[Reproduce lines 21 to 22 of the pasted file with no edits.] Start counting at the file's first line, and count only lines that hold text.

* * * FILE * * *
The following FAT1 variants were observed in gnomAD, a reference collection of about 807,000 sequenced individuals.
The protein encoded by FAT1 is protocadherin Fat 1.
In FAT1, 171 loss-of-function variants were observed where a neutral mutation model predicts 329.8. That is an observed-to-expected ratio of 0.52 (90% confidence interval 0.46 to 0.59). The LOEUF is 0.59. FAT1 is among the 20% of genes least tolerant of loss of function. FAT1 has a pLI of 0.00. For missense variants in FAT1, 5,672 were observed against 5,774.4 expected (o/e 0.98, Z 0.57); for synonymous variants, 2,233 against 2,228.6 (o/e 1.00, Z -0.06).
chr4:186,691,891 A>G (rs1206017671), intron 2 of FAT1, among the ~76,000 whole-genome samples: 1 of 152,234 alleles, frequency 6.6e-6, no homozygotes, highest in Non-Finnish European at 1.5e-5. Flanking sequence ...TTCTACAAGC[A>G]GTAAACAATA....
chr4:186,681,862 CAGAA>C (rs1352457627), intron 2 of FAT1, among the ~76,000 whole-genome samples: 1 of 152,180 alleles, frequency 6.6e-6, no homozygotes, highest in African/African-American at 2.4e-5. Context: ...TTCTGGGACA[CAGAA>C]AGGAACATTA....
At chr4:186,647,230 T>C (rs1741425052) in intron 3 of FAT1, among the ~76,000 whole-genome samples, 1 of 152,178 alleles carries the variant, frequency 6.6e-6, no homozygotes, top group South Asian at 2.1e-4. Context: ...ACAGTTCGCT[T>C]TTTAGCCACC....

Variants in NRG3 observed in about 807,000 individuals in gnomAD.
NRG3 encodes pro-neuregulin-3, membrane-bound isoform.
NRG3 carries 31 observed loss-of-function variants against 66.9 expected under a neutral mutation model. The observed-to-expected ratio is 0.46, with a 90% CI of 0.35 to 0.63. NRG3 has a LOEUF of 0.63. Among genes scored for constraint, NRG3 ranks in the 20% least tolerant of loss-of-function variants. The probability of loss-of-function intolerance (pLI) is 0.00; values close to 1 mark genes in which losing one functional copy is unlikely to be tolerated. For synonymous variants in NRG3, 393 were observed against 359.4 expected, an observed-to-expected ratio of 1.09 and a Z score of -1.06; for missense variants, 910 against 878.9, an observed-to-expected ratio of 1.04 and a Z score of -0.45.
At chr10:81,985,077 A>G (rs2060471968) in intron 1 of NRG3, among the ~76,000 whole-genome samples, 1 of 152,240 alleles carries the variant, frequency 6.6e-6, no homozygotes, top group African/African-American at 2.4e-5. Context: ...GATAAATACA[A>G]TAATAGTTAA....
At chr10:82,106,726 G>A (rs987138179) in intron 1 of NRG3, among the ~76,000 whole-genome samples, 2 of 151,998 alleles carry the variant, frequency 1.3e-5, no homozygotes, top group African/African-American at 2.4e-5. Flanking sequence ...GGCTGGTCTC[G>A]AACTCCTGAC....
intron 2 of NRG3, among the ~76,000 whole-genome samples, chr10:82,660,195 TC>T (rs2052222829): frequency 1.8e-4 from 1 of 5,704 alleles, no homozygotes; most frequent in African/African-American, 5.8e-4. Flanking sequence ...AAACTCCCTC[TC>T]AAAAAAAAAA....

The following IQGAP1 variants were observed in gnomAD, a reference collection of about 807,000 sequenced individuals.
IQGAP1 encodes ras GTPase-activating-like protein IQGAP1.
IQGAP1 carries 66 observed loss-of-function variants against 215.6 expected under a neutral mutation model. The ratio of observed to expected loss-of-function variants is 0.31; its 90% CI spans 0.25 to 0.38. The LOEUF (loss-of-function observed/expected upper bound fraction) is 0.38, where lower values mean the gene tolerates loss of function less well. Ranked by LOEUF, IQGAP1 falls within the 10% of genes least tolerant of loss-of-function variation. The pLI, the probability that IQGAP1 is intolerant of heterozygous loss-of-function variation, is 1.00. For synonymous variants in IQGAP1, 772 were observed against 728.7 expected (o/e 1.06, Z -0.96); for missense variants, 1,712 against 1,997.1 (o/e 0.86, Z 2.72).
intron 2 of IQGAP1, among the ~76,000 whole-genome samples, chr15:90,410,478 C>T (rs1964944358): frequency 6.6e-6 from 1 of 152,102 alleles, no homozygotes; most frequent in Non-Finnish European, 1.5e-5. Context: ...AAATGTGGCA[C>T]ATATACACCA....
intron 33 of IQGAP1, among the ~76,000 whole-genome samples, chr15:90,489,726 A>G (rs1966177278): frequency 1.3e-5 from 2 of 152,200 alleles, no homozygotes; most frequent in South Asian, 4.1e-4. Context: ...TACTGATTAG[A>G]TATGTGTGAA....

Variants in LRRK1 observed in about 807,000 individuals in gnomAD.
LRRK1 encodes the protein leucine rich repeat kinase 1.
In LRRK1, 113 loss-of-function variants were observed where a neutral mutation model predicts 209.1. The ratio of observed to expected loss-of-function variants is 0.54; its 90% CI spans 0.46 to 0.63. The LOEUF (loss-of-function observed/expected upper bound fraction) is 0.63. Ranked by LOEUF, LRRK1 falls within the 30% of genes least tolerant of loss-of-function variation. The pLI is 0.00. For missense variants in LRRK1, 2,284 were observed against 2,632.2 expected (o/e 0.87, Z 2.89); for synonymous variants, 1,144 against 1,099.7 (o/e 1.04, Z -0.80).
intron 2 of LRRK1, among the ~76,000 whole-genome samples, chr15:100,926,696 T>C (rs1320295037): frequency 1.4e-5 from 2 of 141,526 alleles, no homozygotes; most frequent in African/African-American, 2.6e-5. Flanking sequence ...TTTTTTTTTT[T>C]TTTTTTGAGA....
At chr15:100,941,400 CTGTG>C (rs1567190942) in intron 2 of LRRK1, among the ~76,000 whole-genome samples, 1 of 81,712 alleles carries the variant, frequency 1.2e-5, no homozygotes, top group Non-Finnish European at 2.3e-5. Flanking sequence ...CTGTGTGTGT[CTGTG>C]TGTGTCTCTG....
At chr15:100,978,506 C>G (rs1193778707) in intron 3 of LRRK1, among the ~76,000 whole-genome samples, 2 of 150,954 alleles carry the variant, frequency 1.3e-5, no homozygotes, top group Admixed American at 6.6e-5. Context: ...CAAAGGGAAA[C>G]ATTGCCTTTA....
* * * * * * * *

intron 2 of LRRK1, among the ~76,000 whole-genome samples, chr15:100,926,696 T>C (rs1320295037): frequency 1.4e-5 from 2 of 141,526 alleles, no homozygotes; most frequent in African/African-American, 2.6e-5. Flanking sequence ...TTTTTTTTTT[T>C]TTTTTTGAGA....
At chr15:100,941,400 CTGTG>C (rs1567190942) in intron 2 of LRRK1, among the ~76,000 whole-genome samples, 1 of 81,712 alleles carries the variant, frequency 1.2e-5, no homozygotes, top group Non-Finnish European at 2.3e-5. Flanking sequence ...CTGTGTGTGT[CTGTG>C]TGTGTCTCTG....